Whenever I say I’m traveling somewhere, people ask: “Who with?“ followed by: “Really? Alone?!“ (Either said in disbelief or pity, or both.)
I’ve heard it so many times now that honestly, I’m sick of it.
Initially I wasn’t going to talk about this, but a female colleague telling me just last week that she’d rather stay at home during a week off work than travel by herself was the final straw.
If you agree with her, let me ask you this. Why wouldn’t you travel alone?
Because it would be difficult?
Because it wouldn’t be enjoyable?
Because you wouldn’t have anyone to share your experiences with?
Ok. Deep breath. Here we go:
Of course it will be difficult. You have to plan, decide and book things, by yourself. Things might not work out the way you imagined they would (they usually don’t) and you might have to change your plans around. You might get lost (I always do). You might end up in a hostel that looks and smells like a prison (well…let’s not get into this right now). But you know what’s great about those difficulties? That you’re going to be the one who’ll overcome them. No one’s going to do it for you, so you can give yourself all the credit for sorting things out. And that feels pretty good.
Traveling alone has become the most enjoyable way to spend time for me, and I guess it has a lot to do with my job. As a teacher, I have little (and tall) people yammering my name in my ear constantly. It’s the kind of job where everyone thinks they deserve my undivided attention, all – the – time. On top of that, I’m constantly chased by a strict schedule of classes and deadlines for all kinds of paperwork. I don’t own my own time and sometimes it feels like I don’t own my own thoughts, either.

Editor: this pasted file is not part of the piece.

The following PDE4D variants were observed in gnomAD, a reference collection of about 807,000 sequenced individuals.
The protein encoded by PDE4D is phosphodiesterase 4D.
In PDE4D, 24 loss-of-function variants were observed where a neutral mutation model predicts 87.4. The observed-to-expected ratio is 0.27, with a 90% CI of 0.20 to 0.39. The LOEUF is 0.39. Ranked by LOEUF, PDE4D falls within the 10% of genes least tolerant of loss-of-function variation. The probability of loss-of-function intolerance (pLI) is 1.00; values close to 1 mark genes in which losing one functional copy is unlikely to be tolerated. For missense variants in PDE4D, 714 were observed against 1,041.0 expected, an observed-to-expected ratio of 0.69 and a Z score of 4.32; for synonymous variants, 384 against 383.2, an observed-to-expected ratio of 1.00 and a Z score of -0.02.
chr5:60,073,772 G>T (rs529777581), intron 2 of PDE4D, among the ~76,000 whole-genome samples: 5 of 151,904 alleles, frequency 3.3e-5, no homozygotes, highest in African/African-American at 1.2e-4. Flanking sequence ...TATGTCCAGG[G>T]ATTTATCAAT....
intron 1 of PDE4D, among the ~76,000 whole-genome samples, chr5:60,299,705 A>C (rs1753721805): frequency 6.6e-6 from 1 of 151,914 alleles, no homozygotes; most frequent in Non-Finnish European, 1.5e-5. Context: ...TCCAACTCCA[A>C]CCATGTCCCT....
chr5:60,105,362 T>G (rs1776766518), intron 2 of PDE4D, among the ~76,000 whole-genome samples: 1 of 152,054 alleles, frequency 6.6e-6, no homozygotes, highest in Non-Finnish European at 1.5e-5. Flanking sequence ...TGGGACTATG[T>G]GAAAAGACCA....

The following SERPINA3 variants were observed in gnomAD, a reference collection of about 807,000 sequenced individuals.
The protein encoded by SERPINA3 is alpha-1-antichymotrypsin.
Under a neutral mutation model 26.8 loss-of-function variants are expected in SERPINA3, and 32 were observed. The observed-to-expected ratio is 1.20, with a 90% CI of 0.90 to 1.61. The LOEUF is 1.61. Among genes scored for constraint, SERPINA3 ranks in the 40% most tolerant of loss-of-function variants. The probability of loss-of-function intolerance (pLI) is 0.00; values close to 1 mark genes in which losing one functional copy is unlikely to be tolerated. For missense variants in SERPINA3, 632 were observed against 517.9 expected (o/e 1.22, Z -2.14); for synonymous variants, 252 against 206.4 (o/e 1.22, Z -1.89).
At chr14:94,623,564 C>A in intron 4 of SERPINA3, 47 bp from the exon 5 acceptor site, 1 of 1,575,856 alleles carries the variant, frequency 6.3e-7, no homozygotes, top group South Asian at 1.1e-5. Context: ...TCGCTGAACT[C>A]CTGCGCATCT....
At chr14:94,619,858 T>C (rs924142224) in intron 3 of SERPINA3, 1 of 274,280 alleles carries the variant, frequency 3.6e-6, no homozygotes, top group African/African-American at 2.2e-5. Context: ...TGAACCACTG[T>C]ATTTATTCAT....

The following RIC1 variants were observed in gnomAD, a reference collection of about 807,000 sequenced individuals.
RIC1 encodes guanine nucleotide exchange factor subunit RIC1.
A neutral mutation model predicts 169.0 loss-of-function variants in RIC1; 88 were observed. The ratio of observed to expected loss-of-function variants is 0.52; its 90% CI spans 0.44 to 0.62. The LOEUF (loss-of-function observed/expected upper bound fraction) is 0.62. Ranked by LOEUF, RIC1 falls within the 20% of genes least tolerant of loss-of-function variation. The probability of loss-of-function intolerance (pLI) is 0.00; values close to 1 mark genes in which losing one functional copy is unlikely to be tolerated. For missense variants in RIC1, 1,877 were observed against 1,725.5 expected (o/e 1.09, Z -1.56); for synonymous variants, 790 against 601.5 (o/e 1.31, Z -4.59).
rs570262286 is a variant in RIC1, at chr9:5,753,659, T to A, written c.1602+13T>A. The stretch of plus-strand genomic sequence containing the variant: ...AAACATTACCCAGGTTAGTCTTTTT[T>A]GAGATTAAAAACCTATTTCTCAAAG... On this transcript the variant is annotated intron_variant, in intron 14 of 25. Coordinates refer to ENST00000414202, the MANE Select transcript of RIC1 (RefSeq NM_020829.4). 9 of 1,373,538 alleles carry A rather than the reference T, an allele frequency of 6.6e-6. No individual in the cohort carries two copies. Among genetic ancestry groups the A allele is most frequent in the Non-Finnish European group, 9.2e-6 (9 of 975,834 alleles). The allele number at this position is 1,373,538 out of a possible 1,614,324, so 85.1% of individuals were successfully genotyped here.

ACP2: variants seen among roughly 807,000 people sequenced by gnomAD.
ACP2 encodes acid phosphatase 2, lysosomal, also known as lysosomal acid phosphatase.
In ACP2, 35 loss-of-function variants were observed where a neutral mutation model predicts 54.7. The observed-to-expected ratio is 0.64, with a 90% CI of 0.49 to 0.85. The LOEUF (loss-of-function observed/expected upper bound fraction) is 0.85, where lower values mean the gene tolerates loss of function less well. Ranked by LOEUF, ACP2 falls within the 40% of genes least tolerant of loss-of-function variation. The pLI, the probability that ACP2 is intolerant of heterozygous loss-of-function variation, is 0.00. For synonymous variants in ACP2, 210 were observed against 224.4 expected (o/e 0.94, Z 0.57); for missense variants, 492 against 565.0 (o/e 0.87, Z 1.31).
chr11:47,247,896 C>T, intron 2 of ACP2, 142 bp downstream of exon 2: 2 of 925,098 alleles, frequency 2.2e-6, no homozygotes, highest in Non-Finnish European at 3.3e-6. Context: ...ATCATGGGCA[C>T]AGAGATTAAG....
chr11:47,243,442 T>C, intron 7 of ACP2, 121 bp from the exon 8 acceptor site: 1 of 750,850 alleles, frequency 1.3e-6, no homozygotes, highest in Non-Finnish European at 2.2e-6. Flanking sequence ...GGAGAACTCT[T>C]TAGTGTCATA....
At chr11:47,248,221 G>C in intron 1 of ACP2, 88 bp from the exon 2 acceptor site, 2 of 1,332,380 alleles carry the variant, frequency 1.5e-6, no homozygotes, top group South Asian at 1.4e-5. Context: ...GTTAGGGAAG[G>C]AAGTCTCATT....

I painfully realize this when I get home after work and want to enjoy my evening but my head is spinning and I can’t make up my mind about what to do, because I have no idea what I actually want. Am I hungry? Do I want to go to the gym? Do I want to watch a movie? Do I want to go to sleep? Usually, I have no freaking clue. After a long day of functioning like a robot on other people’s terms, I’m completely ’out of order’. Consequently there is nothing I enjoy more now than spending some days off work doing whatever the hell I want, in my own time and on my own terms.
The last one is tricky, I admit. Not being able to immediately share the amazing things you see and experience with another person can feel strange and it sometimes does to me, too. When I travel alone, I have a least one ’off day’ where I suddenly feel sad, like all the traveling experiences don’t matter because there’s no one there to witness them. Then I get a grip and realize that I’M there and that that should be enough. Experiencing things alone shouldn’t make them any less amazing.
While traveling alone in Japan I’ve made so many treasured memories: I’ve seen the sun set behind Mount Fuji, hiked and biked around tropical islands, sat in silence by the Atomic Bomb Dome in Hiroshima, discovered hidden temples and shrines in different forests, relaxed in beautiful natural hot spring baths, and spent one of the happiest days of my life on Bunny Island. Just to name a few.
And there are many more to come.
Because being alone, or as I prefer to call it – being by myself – will never be a reason for me to sit at home and miss out on everything beautiful, weird and interesting this world has to offer.